This calendar of saints is drawn from several denominations, sects, and traditions. Although it will no longer be updated daily, the index on the right will guide visitors to a saint celebrated on any day they choose. Additional saints will be added as they present themselves to Major.

Tuesday, October 11, 2011

October 11 -- Feast of Pope Blessed John XXIII

Yemen made a stamp of him, which is nice
John XXIII, born Angelo Giuseppe Roncalli, was pope from 1958 to 1963.  The controversies surrounding his papacy are really comic, except to those who deeply care about the orthodoxy (lower case o) of the Catholic Church.  To get a sense of just how deeply distressed some folks are, follow this link to a site that calls him (and every pope since) an anti-pope. Check out the photos of Pope John XXIII meeting with leaders of other faiths and secular movements, and read the snarky comments about him.  As Fozzie Bear used to say, "Fuuuunnny stuff!"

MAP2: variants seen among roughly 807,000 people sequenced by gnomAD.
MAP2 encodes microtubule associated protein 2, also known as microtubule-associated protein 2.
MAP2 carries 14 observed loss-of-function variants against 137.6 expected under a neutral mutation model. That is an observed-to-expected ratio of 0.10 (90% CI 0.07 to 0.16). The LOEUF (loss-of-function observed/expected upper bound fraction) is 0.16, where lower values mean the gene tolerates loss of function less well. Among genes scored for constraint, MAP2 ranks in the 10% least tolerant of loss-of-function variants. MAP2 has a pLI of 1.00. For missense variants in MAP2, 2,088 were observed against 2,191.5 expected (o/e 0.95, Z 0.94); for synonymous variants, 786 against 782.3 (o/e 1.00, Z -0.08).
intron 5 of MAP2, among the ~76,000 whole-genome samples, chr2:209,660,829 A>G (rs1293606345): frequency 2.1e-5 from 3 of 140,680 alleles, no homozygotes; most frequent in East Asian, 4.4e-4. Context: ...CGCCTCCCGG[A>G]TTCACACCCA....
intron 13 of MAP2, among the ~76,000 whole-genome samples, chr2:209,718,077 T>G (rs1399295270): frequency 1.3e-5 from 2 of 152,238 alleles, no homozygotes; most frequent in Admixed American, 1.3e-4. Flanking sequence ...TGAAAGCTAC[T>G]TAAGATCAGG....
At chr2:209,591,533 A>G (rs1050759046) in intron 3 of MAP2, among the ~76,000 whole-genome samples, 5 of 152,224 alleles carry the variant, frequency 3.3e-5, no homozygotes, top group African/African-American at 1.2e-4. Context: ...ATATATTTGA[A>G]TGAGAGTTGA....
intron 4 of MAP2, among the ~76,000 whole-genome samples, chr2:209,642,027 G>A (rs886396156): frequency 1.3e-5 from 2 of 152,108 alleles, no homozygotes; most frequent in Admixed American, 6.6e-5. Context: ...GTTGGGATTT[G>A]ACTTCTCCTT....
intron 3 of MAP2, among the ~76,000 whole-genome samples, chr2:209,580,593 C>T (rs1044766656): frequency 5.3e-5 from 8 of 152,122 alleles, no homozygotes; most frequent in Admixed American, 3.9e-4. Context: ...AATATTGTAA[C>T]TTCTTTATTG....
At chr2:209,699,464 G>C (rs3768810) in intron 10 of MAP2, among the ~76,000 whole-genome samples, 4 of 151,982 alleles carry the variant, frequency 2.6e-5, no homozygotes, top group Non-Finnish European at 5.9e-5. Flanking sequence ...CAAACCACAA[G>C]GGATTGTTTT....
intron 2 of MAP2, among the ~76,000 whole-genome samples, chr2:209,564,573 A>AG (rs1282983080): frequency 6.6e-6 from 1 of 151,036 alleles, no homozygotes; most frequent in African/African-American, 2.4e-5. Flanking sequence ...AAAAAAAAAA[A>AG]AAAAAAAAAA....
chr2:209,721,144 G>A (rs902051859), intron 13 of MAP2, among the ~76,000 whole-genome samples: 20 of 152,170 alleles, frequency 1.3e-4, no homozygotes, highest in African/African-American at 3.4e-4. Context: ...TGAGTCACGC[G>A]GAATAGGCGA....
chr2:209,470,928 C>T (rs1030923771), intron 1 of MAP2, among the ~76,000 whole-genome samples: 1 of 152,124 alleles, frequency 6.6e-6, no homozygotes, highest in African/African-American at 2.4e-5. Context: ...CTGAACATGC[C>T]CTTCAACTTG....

The Pope and his Shinto brother
Certainly, the Second Vatican Council was controversial.  When John XXIII, he said something about opening windows to let fresh air into the Church.  Although he (like John Paul II, who was a participant in the Council) was an anti-communist, he did call for socialist programs and wage supports to alleviate the suffering of the poor.  He welcomed non-Catholics to the Council (as observers), which embraced not only the unity of all Christians (a giant step away from that whole heresy thing) but also the legitimacy of other religions (e.g. Buddhism, Hinduism, Islam, Judaism, Shinto, etc) as paths to God.  He also welcomed religious leaders, including the Buddhist priest pictured here, as brothers and guests of the Holy See. 

On display under glass in the Vatican
Vatican II lasted outlasted the papacy of John XXIII.  He died in 1963, but his successor, Paul VI (also a participant) decided to continue the Council until the natural end of its reform.  John Paul II said of the Council, "the Second Vatican Council differed from earlier councils because of its particular style. It was not a defensive style. Not once in the Council documents do the words anathema sit (Let it be forbidden) appear. It was an ecumenical style, characterized by great openness to dialogue." Seems to me that's what a good council is all about. 

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